The Ocean Conservation Trust is a global Ocean conservation charity working to its goal of a healthy Ocean.
Across the charity, we share a like-minded approach of Ocean optimism. We want people to feel connected to the Ocean and help to care for it by adopting pro-Ocean behaviour.
By connecting people to the Ocean, we can motivate them to love it for the joy it brings them, the air they breathe, the food they eat and the plethora of other benefits the Ocean has for both humanity and the planet.
These connections are often developed through our window to the Ocean, the National Marine Aquarium, where our team of Ocean optimists channel their passion for the marine world through fun engagement. This could be through the animals we have to the workshops we have developed, each focusing on a different issue facing the Ocean today. By presenting people with solutions to big issues, such as climate change and biodiversity loss, they are more likely to want to do something to help, particularly if they have that connection to an animal they love.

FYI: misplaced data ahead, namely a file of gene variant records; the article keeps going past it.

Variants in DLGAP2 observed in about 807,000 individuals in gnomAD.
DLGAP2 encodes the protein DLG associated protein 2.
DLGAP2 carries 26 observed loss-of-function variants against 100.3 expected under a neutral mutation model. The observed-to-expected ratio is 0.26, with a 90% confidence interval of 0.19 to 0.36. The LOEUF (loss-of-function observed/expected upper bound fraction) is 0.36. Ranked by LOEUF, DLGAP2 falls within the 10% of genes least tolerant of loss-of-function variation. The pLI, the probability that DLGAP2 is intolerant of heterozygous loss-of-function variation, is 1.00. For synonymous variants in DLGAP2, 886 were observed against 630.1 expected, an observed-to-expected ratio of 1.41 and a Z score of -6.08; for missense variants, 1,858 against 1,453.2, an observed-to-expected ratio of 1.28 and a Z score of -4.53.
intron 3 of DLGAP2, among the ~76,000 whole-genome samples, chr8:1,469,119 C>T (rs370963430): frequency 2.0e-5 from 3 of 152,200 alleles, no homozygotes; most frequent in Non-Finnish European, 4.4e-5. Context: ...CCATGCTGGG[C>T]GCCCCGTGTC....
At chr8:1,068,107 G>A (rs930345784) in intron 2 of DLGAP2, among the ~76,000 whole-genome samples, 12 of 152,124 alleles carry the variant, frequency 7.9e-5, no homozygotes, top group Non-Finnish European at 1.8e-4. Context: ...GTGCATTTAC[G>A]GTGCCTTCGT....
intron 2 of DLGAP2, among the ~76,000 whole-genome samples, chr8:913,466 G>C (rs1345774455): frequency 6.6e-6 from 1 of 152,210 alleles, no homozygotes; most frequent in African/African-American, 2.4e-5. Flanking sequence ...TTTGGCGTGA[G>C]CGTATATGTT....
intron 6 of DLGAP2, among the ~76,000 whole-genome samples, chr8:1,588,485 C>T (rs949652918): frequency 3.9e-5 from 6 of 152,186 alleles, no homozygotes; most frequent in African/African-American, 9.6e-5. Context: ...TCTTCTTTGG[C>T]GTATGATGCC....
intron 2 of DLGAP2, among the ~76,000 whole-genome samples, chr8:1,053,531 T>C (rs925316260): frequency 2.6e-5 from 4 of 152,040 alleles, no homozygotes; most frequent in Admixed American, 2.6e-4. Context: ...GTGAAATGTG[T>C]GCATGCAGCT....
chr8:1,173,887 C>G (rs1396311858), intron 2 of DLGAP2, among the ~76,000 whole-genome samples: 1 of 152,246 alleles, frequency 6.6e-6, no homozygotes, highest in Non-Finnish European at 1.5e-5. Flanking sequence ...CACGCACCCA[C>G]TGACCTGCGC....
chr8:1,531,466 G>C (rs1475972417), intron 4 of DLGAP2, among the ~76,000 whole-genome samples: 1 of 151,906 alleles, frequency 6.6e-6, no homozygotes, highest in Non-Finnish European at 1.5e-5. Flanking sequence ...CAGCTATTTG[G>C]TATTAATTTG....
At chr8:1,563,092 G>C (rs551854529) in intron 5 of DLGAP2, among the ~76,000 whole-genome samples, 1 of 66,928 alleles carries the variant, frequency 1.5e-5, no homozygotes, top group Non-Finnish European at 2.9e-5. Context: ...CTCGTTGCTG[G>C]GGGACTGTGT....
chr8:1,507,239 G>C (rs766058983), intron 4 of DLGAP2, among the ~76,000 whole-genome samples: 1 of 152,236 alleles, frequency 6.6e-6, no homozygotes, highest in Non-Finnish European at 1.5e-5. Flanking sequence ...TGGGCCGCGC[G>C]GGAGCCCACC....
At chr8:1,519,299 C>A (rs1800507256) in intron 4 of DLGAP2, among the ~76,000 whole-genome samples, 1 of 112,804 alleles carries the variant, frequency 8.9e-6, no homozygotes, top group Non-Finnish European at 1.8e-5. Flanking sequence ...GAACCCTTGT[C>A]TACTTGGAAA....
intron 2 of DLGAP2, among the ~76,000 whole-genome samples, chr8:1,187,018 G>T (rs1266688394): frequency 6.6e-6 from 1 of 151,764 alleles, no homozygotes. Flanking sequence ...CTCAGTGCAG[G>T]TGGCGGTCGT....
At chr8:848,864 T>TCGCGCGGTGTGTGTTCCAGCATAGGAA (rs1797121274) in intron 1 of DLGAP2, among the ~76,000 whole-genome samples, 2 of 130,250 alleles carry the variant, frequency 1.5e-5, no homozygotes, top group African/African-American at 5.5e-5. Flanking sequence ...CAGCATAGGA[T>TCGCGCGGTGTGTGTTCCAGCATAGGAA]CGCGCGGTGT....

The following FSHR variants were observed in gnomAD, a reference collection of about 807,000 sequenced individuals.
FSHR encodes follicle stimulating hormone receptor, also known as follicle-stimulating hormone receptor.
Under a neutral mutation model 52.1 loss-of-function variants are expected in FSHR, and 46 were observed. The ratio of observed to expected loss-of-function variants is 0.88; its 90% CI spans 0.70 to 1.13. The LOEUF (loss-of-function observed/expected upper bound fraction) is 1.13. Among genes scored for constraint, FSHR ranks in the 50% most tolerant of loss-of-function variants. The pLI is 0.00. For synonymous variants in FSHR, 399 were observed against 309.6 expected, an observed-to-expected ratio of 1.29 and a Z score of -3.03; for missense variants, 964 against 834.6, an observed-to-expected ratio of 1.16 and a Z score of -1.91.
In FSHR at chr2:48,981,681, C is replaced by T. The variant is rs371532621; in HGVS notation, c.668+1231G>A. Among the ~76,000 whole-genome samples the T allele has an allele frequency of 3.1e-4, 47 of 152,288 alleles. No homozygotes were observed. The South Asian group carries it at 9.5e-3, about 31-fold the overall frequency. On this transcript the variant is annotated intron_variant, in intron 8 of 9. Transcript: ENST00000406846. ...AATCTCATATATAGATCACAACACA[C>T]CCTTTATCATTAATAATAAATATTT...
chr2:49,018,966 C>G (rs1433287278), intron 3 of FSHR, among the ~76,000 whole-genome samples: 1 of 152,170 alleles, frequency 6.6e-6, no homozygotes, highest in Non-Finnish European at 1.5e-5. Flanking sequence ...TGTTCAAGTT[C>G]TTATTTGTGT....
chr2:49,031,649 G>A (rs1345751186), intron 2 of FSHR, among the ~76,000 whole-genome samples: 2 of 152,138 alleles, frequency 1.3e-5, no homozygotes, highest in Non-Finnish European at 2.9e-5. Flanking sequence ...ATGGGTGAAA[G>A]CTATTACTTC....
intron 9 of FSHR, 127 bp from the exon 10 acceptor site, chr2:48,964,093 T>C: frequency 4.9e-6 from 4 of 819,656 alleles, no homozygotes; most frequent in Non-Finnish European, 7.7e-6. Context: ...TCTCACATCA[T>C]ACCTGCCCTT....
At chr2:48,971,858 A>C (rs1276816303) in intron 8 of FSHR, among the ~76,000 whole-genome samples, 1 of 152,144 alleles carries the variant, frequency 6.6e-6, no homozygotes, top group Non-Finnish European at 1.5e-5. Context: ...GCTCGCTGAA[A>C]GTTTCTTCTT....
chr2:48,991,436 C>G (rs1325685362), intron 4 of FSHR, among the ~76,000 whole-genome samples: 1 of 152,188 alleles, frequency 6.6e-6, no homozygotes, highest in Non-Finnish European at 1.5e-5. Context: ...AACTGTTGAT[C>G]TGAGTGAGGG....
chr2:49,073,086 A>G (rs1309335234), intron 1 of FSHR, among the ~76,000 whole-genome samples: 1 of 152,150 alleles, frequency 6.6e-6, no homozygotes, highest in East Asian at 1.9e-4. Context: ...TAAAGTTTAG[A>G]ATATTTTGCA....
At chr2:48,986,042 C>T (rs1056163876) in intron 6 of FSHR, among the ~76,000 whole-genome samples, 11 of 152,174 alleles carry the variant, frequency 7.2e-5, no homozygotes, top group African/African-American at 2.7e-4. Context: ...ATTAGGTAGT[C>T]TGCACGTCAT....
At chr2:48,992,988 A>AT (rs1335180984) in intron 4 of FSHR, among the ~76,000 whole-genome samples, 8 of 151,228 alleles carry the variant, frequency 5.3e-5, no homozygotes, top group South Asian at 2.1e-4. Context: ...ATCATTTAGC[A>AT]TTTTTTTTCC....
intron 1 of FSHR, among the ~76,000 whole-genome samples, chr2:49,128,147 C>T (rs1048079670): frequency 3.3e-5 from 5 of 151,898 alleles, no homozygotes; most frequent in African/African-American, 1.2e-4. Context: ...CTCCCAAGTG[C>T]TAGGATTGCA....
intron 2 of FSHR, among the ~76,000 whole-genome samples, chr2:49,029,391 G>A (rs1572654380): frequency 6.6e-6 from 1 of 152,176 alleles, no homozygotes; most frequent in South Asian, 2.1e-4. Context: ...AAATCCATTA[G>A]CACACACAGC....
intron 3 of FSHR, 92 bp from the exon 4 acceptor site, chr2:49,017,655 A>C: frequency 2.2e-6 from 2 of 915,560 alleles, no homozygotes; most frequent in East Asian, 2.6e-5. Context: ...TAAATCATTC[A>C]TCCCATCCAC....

People aren’t always able to access the Ocean and so don’t develop those connections that are so vital to Ocean conservation. In the UK alone, 18% of children haven’t been to the beach or visited coastal areas, a figure which is quite shocking when you think that the furthest point in the UK from the Ocean is only 70 miles. For some families, it can be expensive to access the coast, through public transport costs, accommodation if needed, and food. However, this is something that is necessary when we as conservationists can bring the Ocean inland, through virtual reality, artefact handling and virtual tours. Using technology which has rapidly improved over the past few years to be able to bring the Ocean to people is a huge advantage to conservation groups.
Another important tool for us at the OCT is helping people to realise how everything we do in our lives is strongly linked to the Ocean. This is accomplished by achieving our goal of an Ocean Literate nation, linking the essential principles of Ocean Literacy to the national curriculum in schools. This helps those in-land realise that the Ocean is in each part of their daily lives and that what they do each day will have an impact on it, whether that’s for better or worse.
In 2014 we helped to create the hashtag #OceanOptimism, focusing on solutions for our Ocean rather than the well-publicised problems. Everything we do is focused on supporting a healthy Ocean, and how we connect people to the lifeblood of our planet and put the solutions firmly into people’s hands. If we all come together to make these positive choices for our Ocean, then there is no reason that we can’t make a difference for the future of our Ocean and the life that depends on it.